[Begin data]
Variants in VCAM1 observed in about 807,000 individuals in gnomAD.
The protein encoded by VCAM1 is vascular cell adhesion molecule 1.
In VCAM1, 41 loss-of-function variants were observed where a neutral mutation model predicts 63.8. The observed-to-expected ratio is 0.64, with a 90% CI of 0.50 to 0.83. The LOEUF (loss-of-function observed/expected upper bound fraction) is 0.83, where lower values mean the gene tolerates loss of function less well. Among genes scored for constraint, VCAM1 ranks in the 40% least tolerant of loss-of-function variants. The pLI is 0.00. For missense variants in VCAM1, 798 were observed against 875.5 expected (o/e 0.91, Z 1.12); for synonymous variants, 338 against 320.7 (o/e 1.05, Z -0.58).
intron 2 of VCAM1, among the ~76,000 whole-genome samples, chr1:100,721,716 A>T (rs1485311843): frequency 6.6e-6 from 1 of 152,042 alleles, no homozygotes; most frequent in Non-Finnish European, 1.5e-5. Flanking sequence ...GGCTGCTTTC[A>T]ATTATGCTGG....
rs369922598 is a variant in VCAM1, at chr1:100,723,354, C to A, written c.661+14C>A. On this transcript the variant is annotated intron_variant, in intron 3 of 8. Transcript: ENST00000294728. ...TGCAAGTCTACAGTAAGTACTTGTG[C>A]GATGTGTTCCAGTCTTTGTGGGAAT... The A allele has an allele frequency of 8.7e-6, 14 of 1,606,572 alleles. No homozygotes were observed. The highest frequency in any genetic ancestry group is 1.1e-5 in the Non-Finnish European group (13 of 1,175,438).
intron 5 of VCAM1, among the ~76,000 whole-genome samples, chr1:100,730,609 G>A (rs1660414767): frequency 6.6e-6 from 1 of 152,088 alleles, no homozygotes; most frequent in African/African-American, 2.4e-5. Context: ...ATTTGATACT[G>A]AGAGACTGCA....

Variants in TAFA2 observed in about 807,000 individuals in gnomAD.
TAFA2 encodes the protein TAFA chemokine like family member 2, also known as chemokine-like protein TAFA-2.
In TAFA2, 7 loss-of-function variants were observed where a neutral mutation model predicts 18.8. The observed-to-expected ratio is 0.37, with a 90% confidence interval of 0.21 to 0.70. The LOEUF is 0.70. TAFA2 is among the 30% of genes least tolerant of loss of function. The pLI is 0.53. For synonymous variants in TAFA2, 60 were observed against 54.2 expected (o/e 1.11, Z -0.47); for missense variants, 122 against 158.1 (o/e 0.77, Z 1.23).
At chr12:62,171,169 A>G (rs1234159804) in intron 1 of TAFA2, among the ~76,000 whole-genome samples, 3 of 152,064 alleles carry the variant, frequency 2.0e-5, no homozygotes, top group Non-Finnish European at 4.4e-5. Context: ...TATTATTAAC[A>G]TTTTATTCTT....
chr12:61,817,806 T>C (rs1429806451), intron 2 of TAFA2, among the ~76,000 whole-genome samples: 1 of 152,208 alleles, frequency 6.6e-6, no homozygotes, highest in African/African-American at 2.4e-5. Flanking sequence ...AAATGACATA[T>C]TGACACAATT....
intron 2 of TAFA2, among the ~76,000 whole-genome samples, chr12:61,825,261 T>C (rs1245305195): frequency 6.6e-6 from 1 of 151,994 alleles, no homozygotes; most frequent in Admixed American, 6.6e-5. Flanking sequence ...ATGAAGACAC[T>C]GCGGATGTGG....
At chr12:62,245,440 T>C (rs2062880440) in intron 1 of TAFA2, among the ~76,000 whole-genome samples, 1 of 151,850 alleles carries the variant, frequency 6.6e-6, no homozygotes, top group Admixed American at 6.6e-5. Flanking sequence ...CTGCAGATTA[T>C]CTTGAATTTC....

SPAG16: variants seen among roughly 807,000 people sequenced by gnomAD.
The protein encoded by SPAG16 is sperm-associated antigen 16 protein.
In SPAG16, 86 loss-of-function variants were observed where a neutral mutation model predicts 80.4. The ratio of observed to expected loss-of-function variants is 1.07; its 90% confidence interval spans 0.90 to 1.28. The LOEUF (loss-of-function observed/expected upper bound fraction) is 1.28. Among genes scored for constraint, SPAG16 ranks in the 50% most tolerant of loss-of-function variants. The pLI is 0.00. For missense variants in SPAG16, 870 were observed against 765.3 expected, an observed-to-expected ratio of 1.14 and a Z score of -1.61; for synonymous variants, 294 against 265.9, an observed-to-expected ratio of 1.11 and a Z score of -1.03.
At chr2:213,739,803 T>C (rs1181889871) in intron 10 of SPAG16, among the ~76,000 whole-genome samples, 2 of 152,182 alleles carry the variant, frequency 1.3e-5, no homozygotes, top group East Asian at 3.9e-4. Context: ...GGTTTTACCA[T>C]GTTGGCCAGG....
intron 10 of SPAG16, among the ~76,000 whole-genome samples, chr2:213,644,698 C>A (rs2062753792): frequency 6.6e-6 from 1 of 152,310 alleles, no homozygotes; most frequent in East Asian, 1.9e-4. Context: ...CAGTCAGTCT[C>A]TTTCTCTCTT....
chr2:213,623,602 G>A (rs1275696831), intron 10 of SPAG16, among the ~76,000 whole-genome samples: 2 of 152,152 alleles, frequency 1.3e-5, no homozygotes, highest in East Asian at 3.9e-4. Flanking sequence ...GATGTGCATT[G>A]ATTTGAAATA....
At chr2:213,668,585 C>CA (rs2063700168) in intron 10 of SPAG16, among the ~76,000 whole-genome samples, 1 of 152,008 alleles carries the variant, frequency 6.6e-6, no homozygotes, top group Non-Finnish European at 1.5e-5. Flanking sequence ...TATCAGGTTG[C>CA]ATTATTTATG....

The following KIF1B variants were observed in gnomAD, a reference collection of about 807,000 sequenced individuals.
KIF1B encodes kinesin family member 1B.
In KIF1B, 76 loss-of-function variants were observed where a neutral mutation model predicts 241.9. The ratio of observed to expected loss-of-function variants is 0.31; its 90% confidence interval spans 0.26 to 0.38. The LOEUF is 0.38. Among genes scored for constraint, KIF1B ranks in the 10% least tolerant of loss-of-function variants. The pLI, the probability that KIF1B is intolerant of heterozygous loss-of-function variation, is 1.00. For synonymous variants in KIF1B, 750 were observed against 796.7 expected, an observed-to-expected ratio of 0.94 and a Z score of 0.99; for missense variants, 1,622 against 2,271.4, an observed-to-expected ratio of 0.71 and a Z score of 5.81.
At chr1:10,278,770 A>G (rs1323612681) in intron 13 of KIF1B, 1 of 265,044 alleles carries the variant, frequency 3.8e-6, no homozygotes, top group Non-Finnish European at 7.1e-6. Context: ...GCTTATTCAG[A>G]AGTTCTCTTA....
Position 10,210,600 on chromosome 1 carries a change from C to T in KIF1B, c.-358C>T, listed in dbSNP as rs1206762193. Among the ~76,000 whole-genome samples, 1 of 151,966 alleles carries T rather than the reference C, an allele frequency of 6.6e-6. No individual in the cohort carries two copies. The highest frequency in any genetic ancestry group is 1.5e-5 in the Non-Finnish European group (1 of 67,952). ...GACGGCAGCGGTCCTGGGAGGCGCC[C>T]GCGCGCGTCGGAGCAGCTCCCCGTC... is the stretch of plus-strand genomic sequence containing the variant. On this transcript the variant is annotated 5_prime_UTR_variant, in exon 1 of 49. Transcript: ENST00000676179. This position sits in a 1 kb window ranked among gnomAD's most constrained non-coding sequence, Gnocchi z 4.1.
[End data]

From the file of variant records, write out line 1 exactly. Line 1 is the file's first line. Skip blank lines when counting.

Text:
Variants in VCAM1 observed in about 807,000 individuals in gnomAD.